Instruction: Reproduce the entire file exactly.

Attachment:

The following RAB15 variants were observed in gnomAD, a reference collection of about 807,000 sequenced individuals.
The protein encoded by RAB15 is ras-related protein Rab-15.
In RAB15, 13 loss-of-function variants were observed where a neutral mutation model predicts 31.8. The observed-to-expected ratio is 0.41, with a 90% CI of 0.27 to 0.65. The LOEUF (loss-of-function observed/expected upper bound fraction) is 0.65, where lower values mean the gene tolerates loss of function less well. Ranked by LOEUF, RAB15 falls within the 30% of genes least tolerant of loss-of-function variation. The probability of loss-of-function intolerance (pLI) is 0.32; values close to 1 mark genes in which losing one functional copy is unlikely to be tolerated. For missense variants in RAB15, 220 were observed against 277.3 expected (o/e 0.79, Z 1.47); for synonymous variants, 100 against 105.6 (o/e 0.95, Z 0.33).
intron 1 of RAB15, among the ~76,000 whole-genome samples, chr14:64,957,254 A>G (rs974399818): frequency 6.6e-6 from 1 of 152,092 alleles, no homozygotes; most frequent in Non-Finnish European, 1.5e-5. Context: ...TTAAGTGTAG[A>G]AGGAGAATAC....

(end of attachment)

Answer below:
The following RAB15 variants were observed in gnomAD, a reference collection of about 807,000 sequenced individuals.
The protein encoded by RAB15 is ras-related protein Rab-15.
In RAB15, 13 loss-of-function variants were observed where a neutral mutation model predicts 31.8. The observed-to-expected ratio is 0.41, with a 90% CI of 0.27 to 0.65. The LOEUF (loss-of-function observed/expected upper bound fraction) is 0.65, where lower values mean the gene tolerates loss of function less well. Ranked by LOEUF, RAB15 falls within the 30% of genes least tolerant of loss-of-function variation. The probability of loss-of-function intolerance (pLI) is 0.32; values close to 1 mark genes in which losing one functional copy is unlikely to be tolerated. For missense variants in RAB15, 220 were observed against 277.3 expected (o/e 0.79, Z 1.47); for synonymous variants, 100 against 105.6 (o/e 0.95, Z 0.33).
intron 1 of RAB15, among the ~76,000 whole-genome samples, chr14:64,957,254 A>G (rs974399818): frequency 6.6e-6 from 1 of 152,092 alleles, no homozygotes; most frequent in Non-Finnish European, 1.5e-5. Context: ...TTAAGTGTAG[A>G]AGGAGAATAC....